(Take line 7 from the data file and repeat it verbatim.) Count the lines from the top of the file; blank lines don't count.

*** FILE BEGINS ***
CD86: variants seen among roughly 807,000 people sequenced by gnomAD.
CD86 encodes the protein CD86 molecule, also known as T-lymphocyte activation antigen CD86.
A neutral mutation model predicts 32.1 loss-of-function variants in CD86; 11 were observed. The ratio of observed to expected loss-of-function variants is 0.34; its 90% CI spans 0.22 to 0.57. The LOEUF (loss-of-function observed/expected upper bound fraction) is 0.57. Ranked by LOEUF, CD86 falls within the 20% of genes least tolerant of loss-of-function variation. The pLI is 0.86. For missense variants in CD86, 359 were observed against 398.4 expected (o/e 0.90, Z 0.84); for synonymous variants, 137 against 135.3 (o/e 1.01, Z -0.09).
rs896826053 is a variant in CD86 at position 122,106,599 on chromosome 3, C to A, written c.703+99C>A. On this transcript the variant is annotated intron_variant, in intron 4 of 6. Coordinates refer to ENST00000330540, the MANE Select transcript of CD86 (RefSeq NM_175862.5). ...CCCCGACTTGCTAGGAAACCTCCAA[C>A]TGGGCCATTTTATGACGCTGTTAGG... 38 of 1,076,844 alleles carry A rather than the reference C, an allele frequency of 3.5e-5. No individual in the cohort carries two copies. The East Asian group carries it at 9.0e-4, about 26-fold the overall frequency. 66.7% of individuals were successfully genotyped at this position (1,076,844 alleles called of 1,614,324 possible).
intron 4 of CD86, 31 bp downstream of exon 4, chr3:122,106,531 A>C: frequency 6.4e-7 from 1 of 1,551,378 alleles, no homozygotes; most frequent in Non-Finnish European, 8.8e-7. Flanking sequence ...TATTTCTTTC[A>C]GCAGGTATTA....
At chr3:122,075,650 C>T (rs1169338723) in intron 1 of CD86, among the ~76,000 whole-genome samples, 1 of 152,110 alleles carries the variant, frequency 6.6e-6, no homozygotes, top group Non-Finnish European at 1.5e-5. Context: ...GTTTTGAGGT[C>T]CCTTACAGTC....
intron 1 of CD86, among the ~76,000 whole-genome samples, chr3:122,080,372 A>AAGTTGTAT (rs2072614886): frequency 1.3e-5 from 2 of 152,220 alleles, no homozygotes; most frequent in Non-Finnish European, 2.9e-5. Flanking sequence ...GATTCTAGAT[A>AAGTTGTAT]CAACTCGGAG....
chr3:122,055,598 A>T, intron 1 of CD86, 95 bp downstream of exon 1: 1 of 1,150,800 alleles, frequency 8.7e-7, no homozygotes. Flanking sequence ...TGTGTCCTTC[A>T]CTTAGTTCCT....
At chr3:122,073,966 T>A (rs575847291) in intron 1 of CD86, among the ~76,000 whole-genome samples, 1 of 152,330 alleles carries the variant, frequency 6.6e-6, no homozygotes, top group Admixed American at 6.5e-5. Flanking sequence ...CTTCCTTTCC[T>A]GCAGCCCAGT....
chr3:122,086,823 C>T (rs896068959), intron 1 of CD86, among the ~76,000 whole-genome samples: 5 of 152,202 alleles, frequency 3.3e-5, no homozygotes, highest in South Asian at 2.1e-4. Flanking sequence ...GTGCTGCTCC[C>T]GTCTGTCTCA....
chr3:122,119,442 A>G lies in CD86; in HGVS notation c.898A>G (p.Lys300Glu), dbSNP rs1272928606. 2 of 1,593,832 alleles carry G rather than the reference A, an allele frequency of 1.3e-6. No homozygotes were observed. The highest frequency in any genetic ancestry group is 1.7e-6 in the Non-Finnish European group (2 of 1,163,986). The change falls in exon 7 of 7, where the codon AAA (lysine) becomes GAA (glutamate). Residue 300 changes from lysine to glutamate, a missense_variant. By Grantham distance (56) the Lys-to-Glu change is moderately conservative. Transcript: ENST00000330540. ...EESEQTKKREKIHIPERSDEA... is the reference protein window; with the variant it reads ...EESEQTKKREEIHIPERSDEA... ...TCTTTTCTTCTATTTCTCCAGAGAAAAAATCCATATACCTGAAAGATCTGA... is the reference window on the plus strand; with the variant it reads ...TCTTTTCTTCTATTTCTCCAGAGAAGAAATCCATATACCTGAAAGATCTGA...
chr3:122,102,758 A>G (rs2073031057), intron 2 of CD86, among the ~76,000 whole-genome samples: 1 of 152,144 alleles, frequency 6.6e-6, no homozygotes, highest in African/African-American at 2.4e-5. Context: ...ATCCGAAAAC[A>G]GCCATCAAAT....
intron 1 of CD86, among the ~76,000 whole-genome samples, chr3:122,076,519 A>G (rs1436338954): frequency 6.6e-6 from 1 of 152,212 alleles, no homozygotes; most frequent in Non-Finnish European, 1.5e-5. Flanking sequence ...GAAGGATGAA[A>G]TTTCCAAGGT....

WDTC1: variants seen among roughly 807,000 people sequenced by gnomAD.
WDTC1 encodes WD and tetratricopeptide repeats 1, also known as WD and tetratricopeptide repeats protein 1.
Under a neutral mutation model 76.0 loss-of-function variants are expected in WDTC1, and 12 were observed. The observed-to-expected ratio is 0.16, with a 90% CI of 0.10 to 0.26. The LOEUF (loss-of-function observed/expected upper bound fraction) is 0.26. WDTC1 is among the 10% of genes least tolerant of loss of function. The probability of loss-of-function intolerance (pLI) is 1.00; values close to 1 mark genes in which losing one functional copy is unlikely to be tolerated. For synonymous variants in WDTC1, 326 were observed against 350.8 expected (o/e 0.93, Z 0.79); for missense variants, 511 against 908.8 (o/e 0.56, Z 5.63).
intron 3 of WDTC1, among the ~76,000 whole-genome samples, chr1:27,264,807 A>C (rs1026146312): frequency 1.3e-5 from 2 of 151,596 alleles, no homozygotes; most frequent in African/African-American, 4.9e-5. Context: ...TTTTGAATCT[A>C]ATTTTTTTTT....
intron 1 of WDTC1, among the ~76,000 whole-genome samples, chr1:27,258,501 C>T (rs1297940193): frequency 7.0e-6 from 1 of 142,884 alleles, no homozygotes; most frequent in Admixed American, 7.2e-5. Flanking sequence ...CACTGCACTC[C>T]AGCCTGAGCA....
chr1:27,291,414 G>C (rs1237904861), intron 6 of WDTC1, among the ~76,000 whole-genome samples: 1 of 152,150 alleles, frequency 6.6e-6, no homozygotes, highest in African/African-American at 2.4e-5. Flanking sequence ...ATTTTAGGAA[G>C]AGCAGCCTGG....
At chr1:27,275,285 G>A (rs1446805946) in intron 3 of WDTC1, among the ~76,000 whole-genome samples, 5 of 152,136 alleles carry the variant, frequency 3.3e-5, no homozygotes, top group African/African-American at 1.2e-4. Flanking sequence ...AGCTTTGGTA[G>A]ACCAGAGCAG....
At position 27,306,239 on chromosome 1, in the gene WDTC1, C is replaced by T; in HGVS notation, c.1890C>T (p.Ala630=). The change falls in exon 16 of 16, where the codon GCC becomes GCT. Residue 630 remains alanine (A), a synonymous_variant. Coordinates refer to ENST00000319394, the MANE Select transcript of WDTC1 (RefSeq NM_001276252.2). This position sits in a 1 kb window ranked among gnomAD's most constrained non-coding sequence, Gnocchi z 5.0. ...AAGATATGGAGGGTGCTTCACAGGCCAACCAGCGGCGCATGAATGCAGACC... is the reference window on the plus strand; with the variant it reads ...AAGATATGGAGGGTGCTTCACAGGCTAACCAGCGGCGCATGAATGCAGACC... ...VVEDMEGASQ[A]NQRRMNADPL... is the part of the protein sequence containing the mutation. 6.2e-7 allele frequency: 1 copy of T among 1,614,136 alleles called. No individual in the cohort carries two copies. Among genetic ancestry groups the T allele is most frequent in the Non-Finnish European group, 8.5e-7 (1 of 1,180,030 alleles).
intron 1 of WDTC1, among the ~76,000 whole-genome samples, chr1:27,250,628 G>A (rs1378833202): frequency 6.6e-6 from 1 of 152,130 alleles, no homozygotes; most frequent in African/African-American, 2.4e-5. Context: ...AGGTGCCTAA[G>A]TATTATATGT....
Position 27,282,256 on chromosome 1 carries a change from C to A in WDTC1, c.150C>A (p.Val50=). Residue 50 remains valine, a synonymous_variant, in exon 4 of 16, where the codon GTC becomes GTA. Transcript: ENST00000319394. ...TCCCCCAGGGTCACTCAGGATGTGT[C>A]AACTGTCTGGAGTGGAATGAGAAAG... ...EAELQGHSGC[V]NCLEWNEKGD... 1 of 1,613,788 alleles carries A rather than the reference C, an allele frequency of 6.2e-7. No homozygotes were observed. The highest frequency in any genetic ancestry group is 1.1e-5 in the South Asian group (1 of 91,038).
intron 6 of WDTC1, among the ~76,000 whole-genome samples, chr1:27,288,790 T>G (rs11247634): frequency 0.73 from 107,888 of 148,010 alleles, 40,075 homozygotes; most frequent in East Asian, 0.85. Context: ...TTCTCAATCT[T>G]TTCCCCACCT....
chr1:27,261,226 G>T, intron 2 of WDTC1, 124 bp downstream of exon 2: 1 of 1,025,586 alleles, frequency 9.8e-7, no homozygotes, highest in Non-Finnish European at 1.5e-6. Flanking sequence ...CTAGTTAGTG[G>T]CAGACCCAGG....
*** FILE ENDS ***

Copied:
intron 1 of CD86, among the ~76,000 whole-genome samples, chr3:122,080,372 A>AAGTTGTAT (rs2072614886): frequency 1.3e-5 from 2 of 152,220 alleles, no homozygotes; most frequent in Non-Finnish European, 2.9e-5. Flanking sequence ...GATTCTAGAT[A>AAGTTGTAT]CAACTCGGAG....